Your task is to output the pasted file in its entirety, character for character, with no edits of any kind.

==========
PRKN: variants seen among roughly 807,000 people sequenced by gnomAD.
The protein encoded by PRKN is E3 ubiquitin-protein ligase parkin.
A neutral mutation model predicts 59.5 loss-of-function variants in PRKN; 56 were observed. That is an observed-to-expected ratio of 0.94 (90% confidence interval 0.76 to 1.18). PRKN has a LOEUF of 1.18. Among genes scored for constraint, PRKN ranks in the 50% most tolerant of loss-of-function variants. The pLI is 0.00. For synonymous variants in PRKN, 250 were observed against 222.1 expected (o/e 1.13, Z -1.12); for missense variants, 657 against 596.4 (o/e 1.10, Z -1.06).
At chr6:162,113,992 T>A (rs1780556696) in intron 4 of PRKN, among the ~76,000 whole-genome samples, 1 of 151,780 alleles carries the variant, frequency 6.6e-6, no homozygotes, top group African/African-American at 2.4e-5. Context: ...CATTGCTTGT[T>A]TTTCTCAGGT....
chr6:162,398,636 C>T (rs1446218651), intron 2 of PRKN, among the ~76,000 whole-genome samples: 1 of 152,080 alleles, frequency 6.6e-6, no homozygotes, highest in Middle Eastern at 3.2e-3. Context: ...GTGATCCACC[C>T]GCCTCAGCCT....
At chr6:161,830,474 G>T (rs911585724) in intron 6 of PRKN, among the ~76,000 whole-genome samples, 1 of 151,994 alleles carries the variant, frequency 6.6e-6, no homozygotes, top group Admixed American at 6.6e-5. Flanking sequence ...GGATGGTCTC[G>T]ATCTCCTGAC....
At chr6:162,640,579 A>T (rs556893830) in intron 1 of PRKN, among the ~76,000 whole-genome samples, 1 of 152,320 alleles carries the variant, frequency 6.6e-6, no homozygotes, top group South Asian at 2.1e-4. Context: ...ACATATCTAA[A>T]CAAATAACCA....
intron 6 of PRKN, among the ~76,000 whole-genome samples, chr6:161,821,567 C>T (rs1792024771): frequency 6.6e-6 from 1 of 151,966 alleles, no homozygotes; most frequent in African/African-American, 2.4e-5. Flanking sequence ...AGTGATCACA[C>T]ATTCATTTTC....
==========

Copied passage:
PRKN: variants seen among roughly 807,000 people sequenced by gnomAD.
The protein encoded by PRKN is E3 ubiquitin-protein ligase parkin.
A neutral mutation model predicts 59.5 loss-of-function variants in PRKN; 56 were observed. That is an observed-to-expected ratio of 0.94 (90% confidence interval 0.76 to 1.18). PRKN has a LOEUF of 1.18. Among genes scored for constraint, PRKN ranks in the 50% most tolerant of loss-of-function variants. The pLI is 0.00. For synonymous variants in PRKN, 250 were observed against 222.1 expected (o/e 1.13, Z -1.12); for missense variants, 657 against 596.4 (o/e 1.10, Z -1.06).
At chr6:162,113,992 T>A (rs1780556696) in intron 4 of PRKN, among the ~76,000 whole-genome samples, 1 of 151,780 alleles carries the variant, frequency 6.6e-6, no homozygotes, top group African/African-American at 2.4e-5. Context: ...CATTGCTTGT[T>A]TTTCTCAGGT....
chr6:162,398,636 C>T (rs1446218651), intron 2 of PRKN, among the ~76,000 whole-genome samples: 1 of 152,080 alleles, frequency 6.6e-6, no homozygotes, highest in Middle Eastern at 3.2e-3. Context: ...GTGATCCACC[C>T]GCCTCAGCCT....
At chr6:161,830,474 G>T (rs911585724) in intron 6 of PRKN, among the ~76,000 whole-genome samples, 1 of 151,994 alleles carries the variant, frequency 6.6e-6, no homozygotes, top group Admixed American at 6.6e-5. Flanking sequence ...GGATGGTCTC[G>T]ATCTCCTGAC....
At chr6:162,640,579 A>T (rs556893830) in intron 1 of PRKN, among the ~76,000 whole-genome samples, 1 of 152,320 alleles carries the variant, frequency 6.6e-6, no homozygotes, top group South Asian at 2.1e-4. Context: ...ACATATCTAA[A>T]CAAATAACCA....
intron 6 of PRKN, among the ~76,000 whole-genome samples, chr6:161,821,567 C>T (rs1792024771): frequency 6.6e-6 from 1 of 151,966 alleles, no homozygotes; most frequent in African/African-American, 2.4e-5. Flanking sequence ...AGTGATCACA[C>T]ATTCATTTTC....